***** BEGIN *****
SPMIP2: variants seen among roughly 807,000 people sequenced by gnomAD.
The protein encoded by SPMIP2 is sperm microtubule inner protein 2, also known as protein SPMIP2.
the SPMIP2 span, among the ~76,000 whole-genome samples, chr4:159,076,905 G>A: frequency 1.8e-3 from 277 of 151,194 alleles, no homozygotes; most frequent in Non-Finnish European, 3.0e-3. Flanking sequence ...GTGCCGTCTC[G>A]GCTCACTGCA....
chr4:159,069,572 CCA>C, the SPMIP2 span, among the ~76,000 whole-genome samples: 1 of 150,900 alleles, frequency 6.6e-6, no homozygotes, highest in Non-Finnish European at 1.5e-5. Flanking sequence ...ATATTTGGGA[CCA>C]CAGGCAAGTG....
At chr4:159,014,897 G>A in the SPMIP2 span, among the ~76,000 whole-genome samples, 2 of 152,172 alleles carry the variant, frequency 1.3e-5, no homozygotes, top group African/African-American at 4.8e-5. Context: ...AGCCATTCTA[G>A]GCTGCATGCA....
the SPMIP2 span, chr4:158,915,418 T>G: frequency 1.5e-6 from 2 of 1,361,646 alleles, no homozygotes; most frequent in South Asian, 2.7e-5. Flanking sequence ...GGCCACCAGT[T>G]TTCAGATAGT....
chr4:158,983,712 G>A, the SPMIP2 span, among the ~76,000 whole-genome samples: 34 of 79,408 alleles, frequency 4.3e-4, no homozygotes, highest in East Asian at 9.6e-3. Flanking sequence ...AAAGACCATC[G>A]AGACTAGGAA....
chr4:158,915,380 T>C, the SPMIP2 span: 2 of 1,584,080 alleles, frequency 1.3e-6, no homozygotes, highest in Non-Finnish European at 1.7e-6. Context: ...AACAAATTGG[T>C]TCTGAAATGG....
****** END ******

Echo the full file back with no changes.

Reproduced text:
SPMIP2: variants seen among roughly 807,000 people sequenced by gnomAD.
The protein encoded by SPMIP2 is sperm microtubule inner protein 2, also known as protein SPMIP2.
the SPMIP2 span, among the ~76,000 whole-genome samples, chr4:159,076,905 G>A: frequency 1.8e-3 from 277 of 151,194 alleles, no homozygotes; most frequent in Non-Finnish European, 3.0e-3. Flanking sequence ...GTGCCGTCTC[G>A]GCTCACTGCA....
chr4:159,069,572 CCA>C, the SPMIP2 span, among the ~76,000 whole-genome samples: 1 of 150,900 alleles, frequency 6.6e-6, no homozygotes, highest in Non-Finnish European at 1.5e-5. Flanking sequence ...ATATTTGGGA[CCA>C]CAGGCAAGTG....
At chr4:159,014,897 G>A in the SPMIP2 span, among the ~76,000 whole-genome samples, 2 of 152,172 alleles carry the variant, frequency 1.3e-5, no homozygotes, top group African/African-American at 4.8e-5. Context: ...AGCCATTCTA[G>A]GCTGCATGCA....
the SPMIP2 span, chr4:158,915,418 T>G: frequency 1.5e-6 from 2 of 1,361,646 alleles, no homozygotes; most frequent in South Asian, 2.7e-5. Flanking sequence ...GGCCACCAGT[T>G]TTCAGATAGT....
chr4:158,983,712 G>A, the SPMIP2 span, among the ~76,000 whole-genome samples: 34 of 79,408 alleles, frequency 4.3e-4, no homozygotes, highest in East Asian at 9.6e-3. Flanking sequence ...AAAGACCATC[G>A]AGACTAGGAA....
chr4:158,915,380 T>C, the SPMIP2 span: 2 of 1,584,080 alleles, frequency 1.3e-6, no homozygotes, highest in Non-Finnish European at 1.7e-6. Context: ...AACAAATTGG[T>C]TCTGAAATGG....